This Make 2D > 3D Design Guide offers techniques for more affordable and outstanding 3D Designs using Laser Cutting processes.
FARE MADE’s Laser Cutting Services are a gateway to a spectrum of creative design work, transcending the 2-Dimensional nature of post-industrial materials and machining processes into a broad field of 3-Dimensional applications. 3D Designs are typically thought of as products of 3D Printing, but their applications and feasibility are extended by Laser Cut Processes.Laser Cutting Services
1 /// Stacking
Stacking is the most fundamental process in building and design that guarantees elegant results. Stacking can be thought of as a vertical assemblage of modular components, for example a brick or stone wall. Stacking can also be conceived in terms of vertical layering of planar elements on top of one another, provided that these elements are the same or display maximum similarity in size and proportion. The example of planar stacking is a rectilinear skyscraper.
2 /// Layering
By Layering laser cut elements, materials can twist and extend, embracing and defining space. It is one of the most applicable 2D > 3D laser cutting techniques due to its possibilities. It is also a fundamental process of 3D printing, however laser cutting proves to be more affordable, faster, and suitable for larger applications. Not to be confused with the stacking, layering expresses the juxtaposition (or transformation) of form across layers of space. Layering parts through space can be directly applied to architectural and topographic contexts and also bring increased awareness of design processes behind products, such as fashion accessories, household items, visual merchandising and signage.
3 /// Contouring
Use contours or organic cross sections to generate visual patterns that can be cut and combined in 3d components. These contours can vary in thickness to create smooth transitions and 3D curvature.
[design by Jane T.]
4 /// Surface Joining
Intersect laser cut components at planar or nonplanar angles with finger joints, contact welding, or dimensional slots.
5 /// Heat Forming
Apply heat with a heat gun, magnifying lens or radiant surface to thermoformed plastics to deform, twist, bend, or texturize laser cut materials, manipulating the material at a preferred scale.
6 /// Slot Bending
Laser cut linear, alternating slots (in a z-formation) into materials, resulting in a component that stretches and bends along reduced, modular cross sections so that a material component becomes a pliable, formative and reinforceable surface.
7 /// Stitching
Component edges can be joined by material stitches or ties to reinforce their components into geometric forms, offering a tactile result that commands a full circuit of digital and analog processes. Stitching requires consideration of material properties to achieve preferred strength and durability.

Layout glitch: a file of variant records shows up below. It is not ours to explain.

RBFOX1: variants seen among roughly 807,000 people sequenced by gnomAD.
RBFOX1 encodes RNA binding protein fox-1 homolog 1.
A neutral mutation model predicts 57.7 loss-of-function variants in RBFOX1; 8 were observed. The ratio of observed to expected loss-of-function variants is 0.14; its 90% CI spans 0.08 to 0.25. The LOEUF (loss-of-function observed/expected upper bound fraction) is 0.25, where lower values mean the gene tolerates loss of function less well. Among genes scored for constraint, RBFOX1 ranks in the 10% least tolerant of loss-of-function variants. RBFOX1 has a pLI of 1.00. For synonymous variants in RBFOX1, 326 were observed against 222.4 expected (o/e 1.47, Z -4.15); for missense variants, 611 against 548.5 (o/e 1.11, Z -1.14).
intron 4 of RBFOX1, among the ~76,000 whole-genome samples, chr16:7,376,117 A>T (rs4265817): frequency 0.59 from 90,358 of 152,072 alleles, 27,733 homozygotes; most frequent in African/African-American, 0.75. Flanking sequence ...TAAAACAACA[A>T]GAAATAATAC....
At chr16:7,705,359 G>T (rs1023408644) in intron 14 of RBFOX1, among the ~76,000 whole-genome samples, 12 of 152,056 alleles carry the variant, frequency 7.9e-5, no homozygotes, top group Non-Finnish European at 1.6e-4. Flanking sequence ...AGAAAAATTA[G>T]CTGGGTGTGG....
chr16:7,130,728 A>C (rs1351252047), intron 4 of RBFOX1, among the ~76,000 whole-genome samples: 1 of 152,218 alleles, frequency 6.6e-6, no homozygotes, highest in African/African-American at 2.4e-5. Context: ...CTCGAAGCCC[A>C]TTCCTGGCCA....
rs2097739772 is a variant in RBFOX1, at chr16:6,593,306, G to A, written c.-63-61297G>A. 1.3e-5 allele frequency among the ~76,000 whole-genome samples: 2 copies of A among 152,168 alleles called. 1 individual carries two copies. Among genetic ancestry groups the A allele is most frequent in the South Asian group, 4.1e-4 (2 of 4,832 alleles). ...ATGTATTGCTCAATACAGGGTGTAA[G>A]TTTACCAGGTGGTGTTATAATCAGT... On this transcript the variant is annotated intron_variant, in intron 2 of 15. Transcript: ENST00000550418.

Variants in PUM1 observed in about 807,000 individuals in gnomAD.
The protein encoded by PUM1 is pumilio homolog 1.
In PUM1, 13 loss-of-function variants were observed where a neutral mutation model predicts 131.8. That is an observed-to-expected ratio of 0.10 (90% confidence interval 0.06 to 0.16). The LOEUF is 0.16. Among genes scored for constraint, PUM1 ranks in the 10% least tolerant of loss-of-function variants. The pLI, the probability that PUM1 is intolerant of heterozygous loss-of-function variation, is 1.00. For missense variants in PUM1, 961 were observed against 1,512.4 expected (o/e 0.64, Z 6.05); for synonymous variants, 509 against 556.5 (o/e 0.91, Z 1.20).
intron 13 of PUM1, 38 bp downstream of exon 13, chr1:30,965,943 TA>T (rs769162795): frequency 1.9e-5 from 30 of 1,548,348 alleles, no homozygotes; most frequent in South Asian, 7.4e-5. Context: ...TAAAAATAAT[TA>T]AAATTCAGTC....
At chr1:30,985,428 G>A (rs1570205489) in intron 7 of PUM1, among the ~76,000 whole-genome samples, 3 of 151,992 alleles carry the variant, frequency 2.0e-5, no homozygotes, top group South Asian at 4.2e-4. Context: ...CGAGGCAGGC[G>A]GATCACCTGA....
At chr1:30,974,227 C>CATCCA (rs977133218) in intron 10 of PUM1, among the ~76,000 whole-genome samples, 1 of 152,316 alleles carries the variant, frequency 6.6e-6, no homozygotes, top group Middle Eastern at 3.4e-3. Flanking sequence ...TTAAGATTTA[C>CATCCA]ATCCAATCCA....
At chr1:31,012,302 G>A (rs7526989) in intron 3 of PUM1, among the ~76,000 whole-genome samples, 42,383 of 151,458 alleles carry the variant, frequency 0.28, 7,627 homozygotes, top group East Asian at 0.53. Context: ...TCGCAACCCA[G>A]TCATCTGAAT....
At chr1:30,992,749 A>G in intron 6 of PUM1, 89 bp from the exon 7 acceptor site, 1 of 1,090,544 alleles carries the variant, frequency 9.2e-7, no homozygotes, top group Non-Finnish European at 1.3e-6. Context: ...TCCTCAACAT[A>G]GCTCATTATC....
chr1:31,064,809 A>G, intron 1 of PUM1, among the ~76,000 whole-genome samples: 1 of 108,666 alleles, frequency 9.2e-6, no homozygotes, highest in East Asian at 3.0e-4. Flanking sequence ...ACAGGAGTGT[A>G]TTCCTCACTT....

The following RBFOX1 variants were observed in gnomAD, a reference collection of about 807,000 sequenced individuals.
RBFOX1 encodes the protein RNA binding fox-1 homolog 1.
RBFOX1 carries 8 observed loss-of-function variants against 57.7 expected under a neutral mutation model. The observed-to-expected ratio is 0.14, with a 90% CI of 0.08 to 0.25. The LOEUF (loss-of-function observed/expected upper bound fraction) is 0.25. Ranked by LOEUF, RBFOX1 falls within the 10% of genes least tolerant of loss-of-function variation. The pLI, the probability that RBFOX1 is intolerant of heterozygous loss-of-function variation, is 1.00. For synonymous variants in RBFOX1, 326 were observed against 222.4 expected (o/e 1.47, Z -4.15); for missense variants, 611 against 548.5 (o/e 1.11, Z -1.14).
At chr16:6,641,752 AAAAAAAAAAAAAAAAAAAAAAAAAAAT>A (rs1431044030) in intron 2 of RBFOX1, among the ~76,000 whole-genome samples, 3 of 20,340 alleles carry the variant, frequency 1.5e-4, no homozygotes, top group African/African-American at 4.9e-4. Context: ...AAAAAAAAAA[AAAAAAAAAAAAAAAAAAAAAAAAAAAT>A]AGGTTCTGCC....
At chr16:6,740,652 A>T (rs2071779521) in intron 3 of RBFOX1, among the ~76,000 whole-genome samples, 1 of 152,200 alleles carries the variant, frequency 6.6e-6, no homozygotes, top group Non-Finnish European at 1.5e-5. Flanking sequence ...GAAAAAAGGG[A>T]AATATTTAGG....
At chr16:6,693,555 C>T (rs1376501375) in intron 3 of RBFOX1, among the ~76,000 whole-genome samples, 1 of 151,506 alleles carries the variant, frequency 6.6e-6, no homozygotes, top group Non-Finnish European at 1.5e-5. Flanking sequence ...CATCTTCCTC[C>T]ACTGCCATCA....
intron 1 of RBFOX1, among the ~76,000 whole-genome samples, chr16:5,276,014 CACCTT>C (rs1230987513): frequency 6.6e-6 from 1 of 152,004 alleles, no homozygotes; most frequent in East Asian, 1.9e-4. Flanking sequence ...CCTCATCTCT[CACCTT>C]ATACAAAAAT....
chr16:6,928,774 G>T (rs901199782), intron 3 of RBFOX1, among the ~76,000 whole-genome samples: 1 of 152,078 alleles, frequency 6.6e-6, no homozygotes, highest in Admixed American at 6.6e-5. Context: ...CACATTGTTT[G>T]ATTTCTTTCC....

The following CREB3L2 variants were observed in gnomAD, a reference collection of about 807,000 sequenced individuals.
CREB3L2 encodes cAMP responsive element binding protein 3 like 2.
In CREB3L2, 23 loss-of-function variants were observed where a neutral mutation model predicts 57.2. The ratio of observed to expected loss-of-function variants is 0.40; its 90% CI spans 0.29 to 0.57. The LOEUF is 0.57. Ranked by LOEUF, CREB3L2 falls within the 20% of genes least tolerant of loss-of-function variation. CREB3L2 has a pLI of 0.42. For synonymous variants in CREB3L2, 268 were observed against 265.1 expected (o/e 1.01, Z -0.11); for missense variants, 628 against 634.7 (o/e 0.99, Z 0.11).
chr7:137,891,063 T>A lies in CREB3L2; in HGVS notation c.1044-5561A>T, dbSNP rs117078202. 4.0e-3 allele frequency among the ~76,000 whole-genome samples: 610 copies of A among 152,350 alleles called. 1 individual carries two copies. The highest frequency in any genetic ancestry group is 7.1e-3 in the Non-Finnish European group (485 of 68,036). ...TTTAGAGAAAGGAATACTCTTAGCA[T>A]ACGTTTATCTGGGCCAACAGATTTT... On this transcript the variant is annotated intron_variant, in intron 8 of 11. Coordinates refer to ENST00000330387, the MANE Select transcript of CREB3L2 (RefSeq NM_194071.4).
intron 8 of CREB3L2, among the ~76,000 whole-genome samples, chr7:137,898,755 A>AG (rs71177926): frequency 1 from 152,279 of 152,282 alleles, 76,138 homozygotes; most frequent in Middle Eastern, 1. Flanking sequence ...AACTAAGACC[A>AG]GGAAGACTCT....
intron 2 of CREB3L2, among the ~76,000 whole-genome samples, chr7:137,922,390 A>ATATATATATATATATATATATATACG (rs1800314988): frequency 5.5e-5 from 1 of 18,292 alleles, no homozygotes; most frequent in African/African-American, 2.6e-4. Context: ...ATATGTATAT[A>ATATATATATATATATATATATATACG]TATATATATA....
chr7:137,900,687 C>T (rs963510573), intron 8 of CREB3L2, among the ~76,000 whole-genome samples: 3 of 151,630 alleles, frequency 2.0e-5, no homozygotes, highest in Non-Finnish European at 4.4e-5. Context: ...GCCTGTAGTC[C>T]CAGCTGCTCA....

8 /// Elastic Deformation
Materials such as leather can be laser cut to elastically stretch with applied stress, to contain objects or resist movement of other components in a system of parts. Laser cut stretching patterns provide a direction and capacity for durable materials to achieve organic forms and durability in functional projects.
9 /// Suspension
Laser cut parts can be merely suspended or even applied to tensegrity structures (a balanced conceptual design of tension and compression elements) to achieve 3D structures, systems and objects. From architectural installations and fixtures to everyday personal accessories, designs which compose suspended elements gain the benefit of elegance, functionality and austerity.
10 /// Projection + Reflection
Light is considered a material to some designers. Light can be formed from its source to its destinations by laser cut patterns, graphics, and text on a surface medium. Such laser cut designs can generate vastly interesting results, from forest-like dappling in architectural spaces to focusing light shapes on aspects or features. Projecting on 3D surfaces can further enhance this design technique. Reflecting surfaces can be features themselves, applied to complex and simple forms, or juxtaposed selectively with other foreground and background elements. Composing with light brings an immediate effect to any audience.
11 /// Paneling
Paneling is the application of surfaces and materials to a structural network of component forms. The structural network can exercise many mathematical forms and topologies towards a variety of direct architectural, interior, signage and installation purposes. Paneling uses also extend to urban modeling, art, film and fashion. Unlike folding, a related process, paneling decides the nature and properties of the panel component.
[design by Adrian Bica]
12 /// Folding
Folding is a related process to paneling which can begin in 3D programs that unfold 3D data (such as Rhino, Sketchup or Pepakura) and end with refoldable laser cut components for both specifically designed, complex outcomes and organic, modular compositions. Applications include installations, sculpture, origami (“paper-folding”) and representational modeling.
13 /// Array
Laser cutting can also use similar or iterative components that join in planar arrays and polar arrays. This process can result in constructed representations of complex or mathematical surfaces (including hyperbolas, helices, spirals, trigonometric waves, and multidimensional functions).
[design by Carolyn But]
Think FARE (Fabricated Realities)?
Digital fabrication processes are not limited to the basic outcomes of their systematic operations. Using these 2d to 3d techniques, we can exploring reality and our social, creative, environmental and ethical principles. We can use these techniques to use our tools, push the limits of our imagination and share knowledge, compassion and understanding.